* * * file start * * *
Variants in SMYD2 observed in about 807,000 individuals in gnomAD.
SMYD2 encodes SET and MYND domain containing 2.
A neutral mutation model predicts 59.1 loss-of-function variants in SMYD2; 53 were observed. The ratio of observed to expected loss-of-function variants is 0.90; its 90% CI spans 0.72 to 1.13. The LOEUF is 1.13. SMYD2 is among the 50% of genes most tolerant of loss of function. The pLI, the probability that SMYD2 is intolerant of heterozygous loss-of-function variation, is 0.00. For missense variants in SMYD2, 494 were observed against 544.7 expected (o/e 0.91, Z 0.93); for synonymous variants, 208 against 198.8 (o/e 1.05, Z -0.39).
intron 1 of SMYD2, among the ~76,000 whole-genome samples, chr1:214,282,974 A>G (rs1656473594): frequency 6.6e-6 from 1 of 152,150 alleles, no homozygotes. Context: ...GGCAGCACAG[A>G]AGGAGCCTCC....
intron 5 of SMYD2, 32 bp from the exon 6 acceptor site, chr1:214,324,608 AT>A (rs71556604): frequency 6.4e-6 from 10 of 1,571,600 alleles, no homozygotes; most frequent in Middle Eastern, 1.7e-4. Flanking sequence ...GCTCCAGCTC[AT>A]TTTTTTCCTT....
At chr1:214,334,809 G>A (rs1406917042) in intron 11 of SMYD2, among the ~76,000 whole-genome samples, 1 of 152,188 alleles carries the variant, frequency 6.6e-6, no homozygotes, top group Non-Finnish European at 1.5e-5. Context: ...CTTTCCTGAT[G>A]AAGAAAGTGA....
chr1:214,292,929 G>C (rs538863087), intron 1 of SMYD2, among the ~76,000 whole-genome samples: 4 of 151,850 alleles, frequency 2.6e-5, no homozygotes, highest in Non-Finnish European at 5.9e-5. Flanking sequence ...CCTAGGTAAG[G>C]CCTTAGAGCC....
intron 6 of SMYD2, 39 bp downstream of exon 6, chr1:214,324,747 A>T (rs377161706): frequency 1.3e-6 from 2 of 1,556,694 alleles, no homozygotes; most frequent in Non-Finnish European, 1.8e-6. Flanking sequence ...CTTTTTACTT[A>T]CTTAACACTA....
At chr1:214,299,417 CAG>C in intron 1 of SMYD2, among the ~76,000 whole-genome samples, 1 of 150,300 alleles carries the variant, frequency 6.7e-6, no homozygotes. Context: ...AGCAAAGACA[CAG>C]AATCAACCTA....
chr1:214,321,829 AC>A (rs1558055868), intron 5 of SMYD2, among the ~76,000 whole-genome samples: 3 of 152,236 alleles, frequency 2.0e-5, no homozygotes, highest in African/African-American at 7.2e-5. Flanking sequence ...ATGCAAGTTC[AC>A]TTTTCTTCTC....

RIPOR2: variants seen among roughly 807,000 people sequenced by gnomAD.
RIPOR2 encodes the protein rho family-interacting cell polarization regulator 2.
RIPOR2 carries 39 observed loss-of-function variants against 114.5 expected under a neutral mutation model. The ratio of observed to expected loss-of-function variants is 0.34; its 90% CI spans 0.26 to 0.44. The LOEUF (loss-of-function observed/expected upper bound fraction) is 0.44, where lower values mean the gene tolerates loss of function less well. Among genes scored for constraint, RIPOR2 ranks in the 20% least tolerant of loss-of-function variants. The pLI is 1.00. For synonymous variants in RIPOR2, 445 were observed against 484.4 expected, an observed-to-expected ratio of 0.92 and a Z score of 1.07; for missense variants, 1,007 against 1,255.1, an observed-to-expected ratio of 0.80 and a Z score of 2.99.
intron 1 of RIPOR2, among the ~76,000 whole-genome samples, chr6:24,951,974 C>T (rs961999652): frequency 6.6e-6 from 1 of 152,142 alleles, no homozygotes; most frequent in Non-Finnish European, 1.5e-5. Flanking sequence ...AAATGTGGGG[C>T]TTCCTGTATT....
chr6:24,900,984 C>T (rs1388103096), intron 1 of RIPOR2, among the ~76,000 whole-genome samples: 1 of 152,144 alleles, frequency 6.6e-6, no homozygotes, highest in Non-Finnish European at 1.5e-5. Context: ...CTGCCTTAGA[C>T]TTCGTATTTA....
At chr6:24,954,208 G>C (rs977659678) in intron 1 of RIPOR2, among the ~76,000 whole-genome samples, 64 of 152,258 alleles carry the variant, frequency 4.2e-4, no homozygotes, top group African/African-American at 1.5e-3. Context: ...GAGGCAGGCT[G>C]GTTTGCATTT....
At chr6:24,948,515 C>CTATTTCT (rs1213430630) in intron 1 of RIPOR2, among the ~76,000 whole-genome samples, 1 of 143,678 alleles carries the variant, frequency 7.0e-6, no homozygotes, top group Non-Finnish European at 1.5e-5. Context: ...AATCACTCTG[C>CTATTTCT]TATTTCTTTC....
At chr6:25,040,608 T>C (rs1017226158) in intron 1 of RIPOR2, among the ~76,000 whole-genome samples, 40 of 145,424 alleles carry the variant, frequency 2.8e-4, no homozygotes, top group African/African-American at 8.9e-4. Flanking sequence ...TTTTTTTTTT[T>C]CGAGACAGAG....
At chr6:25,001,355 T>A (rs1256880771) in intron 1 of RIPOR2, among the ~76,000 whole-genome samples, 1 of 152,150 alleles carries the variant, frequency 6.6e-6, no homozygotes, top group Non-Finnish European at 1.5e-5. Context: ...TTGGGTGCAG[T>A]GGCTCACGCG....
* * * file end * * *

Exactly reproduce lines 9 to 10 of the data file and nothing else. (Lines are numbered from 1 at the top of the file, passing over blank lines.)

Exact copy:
At chr1:214,299,417 CAG>C in intron 1 of SMYD2, among the ~76,000 whole-genome samples, 1 of 150,300 alleles carries the variant, frequency 6.7e-6, no homozygotes. Context: ...AGCAAAGACA[CAG>C]AATCAACCTA....
chr1:214,321,829 AC>A (rs1558055868), intron 5 of SMYD2, among the ~76,000 whole-genome samples: 3 of 152,236 alleles, frequency 2.0e-5, no homozygotes, highest in African/African-American at 7.2e-5. Flanking sequence ...ATGCAAGTTC[AC>A]TTTTCTTCTC....